10 Mar 2015
The man who in 2009 made headlines by becoming the first black chief executive of a FTSE 100 company is readying to take the reins at Credit Suisse, in the hope that the Ivorian businessman can relieve the pressure on the country’s second largest. Beginning June this year, Tidjane Thiam will replace Brady Dougan as chief executive, who has occupied the top spot at the bank since 2007 and seen off the worst of the economic downturn.
Dougan’s appointment coincided with the financial crisis
Dougan’s appointment coincided with the financial crisis, and the Illinois-born executive guided the bank through a turbulent eight-year period, throughout which the firm was forced to contend with wave upon wave of regulatory hurdles and legal challenges. “Brady has significantly and successfully shaped our company; he has kept our bank on track in recent years despite a complex environment and considerable headwinds in the global financial services industry,” said the bank’s Chairman Urs Rohner in a statement.
Thiam, meanwhile, has led financial services group Prudential through an important period, in which the firm has expanded aggressively and its share price has risen over 150 percent. The news also comes on the same day that Prudential announced a 14 percent rise in operating pre-tax profits for 2014, marking the latest in a long line of impressive results since Thiam took charge.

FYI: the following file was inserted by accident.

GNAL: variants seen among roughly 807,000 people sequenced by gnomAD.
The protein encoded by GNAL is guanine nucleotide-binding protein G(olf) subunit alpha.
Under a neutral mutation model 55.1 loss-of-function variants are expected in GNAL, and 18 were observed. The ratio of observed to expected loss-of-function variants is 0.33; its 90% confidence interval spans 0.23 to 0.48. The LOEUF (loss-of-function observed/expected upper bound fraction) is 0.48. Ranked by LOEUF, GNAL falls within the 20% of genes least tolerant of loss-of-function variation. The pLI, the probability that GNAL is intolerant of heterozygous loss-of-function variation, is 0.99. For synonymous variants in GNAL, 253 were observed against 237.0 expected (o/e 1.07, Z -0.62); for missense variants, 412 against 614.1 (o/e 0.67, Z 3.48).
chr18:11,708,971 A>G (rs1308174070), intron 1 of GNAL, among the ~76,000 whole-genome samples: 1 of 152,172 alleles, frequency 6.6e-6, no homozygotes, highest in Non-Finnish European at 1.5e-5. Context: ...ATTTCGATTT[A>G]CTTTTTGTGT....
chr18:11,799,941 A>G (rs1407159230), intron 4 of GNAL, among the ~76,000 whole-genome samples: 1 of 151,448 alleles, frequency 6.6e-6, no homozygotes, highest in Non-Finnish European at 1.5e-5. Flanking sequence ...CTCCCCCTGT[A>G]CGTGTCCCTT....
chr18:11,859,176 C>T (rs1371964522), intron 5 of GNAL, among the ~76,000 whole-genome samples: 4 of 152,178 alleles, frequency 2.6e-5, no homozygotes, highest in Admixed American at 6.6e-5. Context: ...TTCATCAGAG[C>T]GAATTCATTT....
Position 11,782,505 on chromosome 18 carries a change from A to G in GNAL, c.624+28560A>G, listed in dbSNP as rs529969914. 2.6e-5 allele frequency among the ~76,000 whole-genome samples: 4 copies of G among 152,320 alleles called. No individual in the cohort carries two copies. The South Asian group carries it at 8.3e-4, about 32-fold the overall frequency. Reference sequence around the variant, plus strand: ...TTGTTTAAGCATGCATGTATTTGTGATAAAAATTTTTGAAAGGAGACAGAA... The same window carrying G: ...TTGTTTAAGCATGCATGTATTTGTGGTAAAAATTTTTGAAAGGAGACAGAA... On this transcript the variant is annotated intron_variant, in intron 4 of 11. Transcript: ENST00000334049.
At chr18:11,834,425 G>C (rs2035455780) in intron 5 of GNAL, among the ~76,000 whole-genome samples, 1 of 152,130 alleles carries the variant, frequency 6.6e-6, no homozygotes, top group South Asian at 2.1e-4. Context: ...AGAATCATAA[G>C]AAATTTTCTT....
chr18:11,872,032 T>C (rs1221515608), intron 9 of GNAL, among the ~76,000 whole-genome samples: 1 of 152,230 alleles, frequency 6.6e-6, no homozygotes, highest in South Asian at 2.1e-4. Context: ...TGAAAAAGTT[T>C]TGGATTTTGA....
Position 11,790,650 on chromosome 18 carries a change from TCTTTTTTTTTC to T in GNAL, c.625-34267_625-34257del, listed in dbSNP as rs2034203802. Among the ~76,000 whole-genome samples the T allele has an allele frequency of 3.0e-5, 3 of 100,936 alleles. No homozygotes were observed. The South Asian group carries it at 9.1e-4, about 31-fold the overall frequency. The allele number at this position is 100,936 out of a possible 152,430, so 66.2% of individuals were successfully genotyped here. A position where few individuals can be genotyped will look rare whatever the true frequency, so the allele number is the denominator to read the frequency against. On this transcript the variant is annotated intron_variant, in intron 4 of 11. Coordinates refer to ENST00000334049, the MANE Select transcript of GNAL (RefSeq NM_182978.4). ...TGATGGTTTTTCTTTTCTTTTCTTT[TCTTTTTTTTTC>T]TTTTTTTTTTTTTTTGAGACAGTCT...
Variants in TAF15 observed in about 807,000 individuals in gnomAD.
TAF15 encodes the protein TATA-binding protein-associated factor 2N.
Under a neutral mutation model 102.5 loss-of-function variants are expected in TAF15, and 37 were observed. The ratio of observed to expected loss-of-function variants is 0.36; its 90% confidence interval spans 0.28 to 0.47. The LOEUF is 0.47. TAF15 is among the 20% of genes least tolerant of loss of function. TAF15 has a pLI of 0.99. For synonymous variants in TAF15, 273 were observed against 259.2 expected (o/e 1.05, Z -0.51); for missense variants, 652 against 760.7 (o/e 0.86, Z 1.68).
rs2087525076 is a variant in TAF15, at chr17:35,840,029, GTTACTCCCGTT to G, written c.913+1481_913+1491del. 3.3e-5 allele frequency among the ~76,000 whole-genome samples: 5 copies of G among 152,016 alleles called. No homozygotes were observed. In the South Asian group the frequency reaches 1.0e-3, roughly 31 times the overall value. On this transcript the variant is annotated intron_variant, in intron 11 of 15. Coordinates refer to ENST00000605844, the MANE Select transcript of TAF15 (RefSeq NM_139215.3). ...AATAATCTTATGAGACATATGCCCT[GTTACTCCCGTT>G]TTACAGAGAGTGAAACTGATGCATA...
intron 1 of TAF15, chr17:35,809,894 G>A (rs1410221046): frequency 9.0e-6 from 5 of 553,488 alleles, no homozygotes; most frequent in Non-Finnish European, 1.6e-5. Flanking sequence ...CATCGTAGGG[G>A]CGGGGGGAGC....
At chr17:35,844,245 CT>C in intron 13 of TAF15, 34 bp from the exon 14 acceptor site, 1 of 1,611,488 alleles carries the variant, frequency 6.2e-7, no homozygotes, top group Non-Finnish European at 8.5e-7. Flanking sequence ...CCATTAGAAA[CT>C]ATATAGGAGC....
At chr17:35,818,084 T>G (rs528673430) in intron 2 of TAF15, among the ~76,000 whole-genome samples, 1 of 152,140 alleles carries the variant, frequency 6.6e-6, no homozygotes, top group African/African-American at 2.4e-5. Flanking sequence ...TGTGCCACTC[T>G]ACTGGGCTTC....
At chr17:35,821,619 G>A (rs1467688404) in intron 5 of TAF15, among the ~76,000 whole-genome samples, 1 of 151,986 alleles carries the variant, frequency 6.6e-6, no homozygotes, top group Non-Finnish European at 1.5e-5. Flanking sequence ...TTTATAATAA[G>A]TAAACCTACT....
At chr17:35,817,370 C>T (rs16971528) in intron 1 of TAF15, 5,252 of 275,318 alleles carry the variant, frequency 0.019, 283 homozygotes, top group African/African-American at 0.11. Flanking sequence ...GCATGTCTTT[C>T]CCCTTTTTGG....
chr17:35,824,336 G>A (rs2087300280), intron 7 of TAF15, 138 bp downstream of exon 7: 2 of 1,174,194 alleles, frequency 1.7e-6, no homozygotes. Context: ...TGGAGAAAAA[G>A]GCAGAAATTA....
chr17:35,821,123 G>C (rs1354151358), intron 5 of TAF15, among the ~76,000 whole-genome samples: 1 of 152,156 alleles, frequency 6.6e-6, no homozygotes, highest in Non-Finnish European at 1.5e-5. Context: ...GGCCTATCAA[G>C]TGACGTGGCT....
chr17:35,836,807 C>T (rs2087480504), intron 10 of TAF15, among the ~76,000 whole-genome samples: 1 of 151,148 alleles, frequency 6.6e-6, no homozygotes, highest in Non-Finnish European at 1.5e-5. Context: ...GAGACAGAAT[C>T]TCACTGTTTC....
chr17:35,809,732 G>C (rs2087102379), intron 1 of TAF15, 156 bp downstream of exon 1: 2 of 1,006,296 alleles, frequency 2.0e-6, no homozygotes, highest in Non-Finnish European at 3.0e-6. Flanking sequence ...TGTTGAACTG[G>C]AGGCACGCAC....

“I am honored to be offered the opportunity to lead this great institution and particularly to follow Brady, who has been such a distinguished CEO,” said Thiam in a statement. “Credit Suisse has an exceptional business, great people, a solid strategy and strong momentum.”
Dougan has faced criticism recently for failing to reorganise the bank’s investment banking business, and while the executive remains one of the few banking heads to have negotiated the financial crisis and come out the other side, his departure is not at all surprising. Although Thiam has not yet led a bank, his proven ability to propel firms onto greater heights should come in handy at a Credit Suisse in transition.